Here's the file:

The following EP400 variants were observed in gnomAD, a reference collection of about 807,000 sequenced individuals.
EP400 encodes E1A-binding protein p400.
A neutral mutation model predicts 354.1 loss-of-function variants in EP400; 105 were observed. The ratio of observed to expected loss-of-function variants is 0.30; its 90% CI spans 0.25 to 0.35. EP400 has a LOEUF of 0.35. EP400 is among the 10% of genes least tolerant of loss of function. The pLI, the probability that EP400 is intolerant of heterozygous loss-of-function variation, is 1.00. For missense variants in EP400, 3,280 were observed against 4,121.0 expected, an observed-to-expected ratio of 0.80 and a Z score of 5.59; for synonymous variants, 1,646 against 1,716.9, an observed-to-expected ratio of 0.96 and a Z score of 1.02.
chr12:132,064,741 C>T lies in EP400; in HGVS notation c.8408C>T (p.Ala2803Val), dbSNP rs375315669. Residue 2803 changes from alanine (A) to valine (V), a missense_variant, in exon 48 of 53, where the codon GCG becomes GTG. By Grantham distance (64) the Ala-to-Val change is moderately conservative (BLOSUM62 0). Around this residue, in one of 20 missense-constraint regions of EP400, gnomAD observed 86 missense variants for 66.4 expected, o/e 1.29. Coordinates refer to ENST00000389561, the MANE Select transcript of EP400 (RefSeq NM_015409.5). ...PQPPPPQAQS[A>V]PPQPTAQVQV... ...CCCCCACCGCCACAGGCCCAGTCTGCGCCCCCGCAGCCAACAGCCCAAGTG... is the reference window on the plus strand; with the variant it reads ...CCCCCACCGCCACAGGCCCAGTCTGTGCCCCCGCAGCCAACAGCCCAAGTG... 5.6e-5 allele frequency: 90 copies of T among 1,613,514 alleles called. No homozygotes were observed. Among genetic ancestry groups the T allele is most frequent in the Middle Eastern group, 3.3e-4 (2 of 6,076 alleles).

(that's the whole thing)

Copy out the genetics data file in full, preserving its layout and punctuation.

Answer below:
The following EP400 variants were observed in gnomAD, a reference collection of about 807,000 sequenced individuals.
EP400 encodes E1A-binding protein p400.
A neutral mutation model predicts 354.1 loss-of-function variants in EP400; 105 were observed. The ratio of observed to expected loss-of-function variants is 0.30; its 90% CI spans 0.25 to 0.35. EP400 has a LOEUF of 0.35. EP400 is among the 10% of genes least tolerant of loss of function. The pLI, the probability that EP400 is intolerant of heterozygous loss-of-function variation, is 1.00. For missense variants in EP400, 3,280 were observed against 4,121.0 expected, an observed-to-expected ratio of 0.80 and a Z score of 5.59; for synonymous variants, 1,646 against 1,716.9, an observed-to-expected ratio of 0.96 and a Z score of 1.02.
chr12:132,064,741 C>T lies in EP400; in HGVS notation c.8408C>T (p.Ala2803Val), dbSNP rs375315669. Residue 2803 changes from alanine (A) to valine (V), a missense_variant, in exon 48 of 53, where the codon GCG becomes GTG. By Grantham distance (64) the Ala-to-Val change is moderately conservative (BLOSUM62 0). Around this residue, in one of 20 missense-constraint regions of EP400, gnomAD observed 86 missense variants for 66.4 expected, o/e 1.29. Coordinates refer to ENST00000389561, the MANE Select transcript of EP400 (RefSeq NM_015409.5). ...PQPPPPQAQS[A>V]PPQPTAQVQV... ...CCCCCACCGCCACAGGCCCAGTCTGCGCCCCCGCAGCCAACAGCCCAAGTG... is the reference window on the plus strand; with the variant it reads ...CCCCCACCGCCACAGGCCCAGTCTGTGCCCCCGCAGCCAACAGCCCAAGTG... 5.6e-5 allele frequency: 90 copies of T among 1,613,514 alleles called. No homozygotes were observed. Among genetic ancestry groups the T allele is most frequent in the Middle Eastern group, 3.3e-4 (2 of 6,076 alleles).